JYN: Oh gosh, it was relief!
AC: It was frustration when Star Wars announced that they took the same weekend –
JYN: – but I wanna enjoy the movie. I wanna enjoy Star Wars. I don’t wanna feel stressed about it. I wanted to watch that movie.
AC: Yeah. Once our job of making the movie is done, the job of selling it happens which we have nothing to do with. But we do want people to see it, so we were happy that it got moved away.
It’s had quite a long process of coming out in all the different countries, hasn’t it? It was out over a month ago in America… Is that tactical thinking that you’re involved in, or is that not something that’s not up to you at all?
AC: We have zero to do with it.
JYN: We just make the movie and hope for the best!
AC: I’m from Italy, for example. And in Italy there’s no such thing as summer season. The biggest movies in the world come out in the summer, but in Italy everyone is at the sea. And so, they’re struggling there. They’re like, ‘there’s Marvel movies coming out in the summer, when no-one goes to the theatre!’ I guess it’s to do with that. Each country has their own rhythms.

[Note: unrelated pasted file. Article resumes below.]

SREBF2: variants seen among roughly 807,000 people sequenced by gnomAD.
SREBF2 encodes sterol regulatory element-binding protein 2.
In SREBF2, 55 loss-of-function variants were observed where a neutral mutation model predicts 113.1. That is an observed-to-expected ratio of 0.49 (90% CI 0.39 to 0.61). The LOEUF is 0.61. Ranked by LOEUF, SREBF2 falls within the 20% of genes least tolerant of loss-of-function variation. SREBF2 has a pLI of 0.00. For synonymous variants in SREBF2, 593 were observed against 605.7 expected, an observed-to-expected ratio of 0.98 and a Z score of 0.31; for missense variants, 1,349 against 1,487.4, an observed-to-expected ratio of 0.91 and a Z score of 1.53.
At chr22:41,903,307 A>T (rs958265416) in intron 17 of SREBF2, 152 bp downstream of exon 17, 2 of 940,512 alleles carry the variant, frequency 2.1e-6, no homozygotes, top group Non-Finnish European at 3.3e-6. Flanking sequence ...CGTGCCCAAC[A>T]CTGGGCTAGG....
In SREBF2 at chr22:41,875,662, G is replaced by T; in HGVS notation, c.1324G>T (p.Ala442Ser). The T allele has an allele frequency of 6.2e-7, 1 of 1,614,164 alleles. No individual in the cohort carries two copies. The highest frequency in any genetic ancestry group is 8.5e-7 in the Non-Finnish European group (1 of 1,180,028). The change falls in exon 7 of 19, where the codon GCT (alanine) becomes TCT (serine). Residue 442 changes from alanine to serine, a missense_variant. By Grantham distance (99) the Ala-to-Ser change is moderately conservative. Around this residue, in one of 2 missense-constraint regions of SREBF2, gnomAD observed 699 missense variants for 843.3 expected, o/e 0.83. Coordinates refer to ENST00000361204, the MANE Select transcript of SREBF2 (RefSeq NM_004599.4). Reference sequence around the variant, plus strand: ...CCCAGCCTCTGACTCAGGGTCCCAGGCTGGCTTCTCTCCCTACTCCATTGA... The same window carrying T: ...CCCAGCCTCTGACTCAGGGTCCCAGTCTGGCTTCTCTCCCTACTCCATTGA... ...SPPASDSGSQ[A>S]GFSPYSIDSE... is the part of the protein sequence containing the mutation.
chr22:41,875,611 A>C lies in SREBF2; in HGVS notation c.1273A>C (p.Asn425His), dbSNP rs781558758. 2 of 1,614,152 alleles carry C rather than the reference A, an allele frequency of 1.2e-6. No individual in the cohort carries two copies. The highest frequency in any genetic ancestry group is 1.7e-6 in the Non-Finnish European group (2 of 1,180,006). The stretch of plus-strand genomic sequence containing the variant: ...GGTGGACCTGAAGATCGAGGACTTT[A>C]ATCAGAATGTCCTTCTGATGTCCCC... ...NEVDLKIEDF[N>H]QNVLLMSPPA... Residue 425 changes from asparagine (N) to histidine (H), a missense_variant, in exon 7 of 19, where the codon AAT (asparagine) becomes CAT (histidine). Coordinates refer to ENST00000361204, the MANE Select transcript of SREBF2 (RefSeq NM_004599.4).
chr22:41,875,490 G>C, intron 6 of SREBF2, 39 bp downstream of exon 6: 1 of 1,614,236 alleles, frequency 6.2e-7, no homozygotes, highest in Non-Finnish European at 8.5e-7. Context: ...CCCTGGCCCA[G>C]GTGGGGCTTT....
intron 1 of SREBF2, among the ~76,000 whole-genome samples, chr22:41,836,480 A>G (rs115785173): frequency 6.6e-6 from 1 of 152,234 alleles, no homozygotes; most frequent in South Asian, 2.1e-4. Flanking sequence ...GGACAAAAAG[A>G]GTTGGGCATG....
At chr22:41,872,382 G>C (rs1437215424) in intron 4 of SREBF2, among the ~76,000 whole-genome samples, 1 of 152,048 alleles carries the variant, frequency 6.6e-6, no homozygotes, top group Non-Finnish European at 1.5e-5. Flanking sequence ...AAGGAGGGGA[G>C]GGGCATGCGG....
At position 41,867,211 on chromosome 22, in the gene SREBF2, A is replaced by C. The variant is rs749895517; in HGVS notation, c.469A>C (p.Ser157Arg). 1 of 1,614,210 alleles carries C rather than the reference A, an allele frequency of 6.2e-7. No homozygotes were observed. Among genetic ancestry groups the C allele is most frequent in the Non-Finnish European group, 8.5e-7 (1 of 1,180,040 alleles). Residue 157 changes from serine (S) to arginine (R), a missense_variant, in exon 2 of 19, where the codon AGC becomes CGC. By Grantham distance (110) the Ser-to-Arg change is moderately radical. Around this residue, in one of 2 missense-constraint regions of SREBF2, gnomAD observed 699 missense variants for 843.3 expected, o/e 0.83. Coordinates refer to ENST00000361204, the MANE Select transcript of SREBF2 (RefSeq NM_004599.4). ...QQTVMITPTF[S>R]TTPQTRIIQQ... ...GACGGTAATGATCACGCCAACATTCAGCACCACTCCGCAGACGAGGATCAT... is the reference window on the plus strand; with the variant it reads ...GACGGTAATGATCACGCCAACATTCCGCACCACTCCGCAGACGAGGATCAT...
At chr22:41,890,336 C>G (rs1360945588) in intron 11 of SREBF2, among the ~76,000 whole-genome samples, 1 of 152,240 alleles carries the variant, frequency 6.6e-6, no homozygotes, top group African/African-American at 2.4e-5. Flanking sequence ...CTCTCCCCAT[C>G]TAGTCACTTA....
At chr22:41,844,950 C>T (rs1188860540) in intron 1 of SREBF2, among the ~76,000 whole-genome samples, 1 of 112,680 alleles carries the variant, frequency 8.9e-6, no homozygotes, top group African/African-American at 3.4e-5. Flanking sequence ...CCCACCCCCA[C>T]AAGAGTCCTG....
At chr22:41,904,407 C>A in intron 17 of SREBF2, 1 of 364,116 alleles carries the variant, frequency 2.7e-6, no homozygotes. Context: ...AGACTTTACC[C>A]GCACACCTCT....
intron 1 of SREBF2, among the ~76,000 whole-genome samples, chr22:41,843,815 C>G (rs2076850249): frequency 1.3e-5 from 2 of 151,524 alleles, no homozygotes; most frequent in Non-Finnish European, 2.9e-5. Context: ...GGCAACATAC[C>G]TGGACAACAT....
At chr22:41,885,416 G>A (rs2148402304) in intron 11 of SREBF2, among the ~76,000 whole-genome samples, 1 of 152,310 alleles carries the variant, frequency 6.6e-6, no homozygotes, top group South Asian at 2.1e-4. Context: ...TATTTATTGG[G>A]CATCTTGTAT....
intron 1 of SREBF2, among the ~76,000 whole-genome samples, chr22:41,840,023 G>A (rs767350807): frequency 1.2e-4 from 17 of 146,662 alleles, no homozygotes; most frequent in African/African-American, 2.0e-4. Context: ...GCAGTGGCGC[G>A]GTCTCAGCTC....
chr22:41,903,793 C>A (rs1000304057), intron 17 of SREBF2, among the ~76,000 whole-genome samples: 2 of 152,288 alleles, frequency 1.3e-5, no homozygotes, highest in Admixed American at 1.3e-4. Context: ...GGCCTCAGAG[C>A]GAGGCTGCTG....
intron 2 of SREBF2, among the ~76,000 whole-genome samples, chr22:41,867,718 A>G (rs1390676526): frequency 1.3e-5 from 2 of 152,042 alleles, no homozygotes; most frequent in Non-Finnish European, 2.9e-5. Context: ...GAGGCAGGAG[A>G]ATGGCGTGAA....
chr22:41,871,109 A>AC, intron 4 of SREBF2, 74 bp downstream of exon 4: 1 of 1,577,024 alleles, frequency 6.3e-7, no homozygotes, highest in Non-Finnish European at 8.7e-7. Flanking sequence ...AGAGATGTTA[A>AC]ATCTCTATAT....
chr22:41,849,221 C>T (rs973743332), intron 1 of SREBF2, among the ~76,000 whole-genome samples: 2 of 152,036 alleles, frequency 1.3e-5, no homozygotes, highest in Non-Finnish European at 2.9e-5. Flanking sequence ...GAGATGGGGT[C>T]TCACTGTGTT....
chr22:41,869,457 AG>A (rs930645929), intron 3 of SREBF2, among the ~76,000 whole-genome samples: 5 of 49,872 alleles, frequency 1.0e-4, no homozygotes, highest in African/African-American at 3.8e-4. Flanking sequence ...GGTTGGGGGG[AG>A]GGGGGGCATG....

We don’t have much time left, but let’s talk about the future quickly. This movie feels like a big finale off all three films coming together, but news has also come out about three more Kung Fu Panda movies –
AC: – By the way, we don’t know where the came from. Someone may have –
JYN: – Oh we know where it came from!
AC: It might have been Jeffrey [Katzenberg, DreamWorks Animation CEO], you’re right. But the truth is, as filmmakers, we cannot approach the moviemaking that way.
JYN: No, we can’t do that.
AC: We need to know this is the end, we need to know that our film is the satisfying end of a trilogy. Then, should there be an appetite from the audience for more…
JYN: Satisfaction first, that’s what we go for.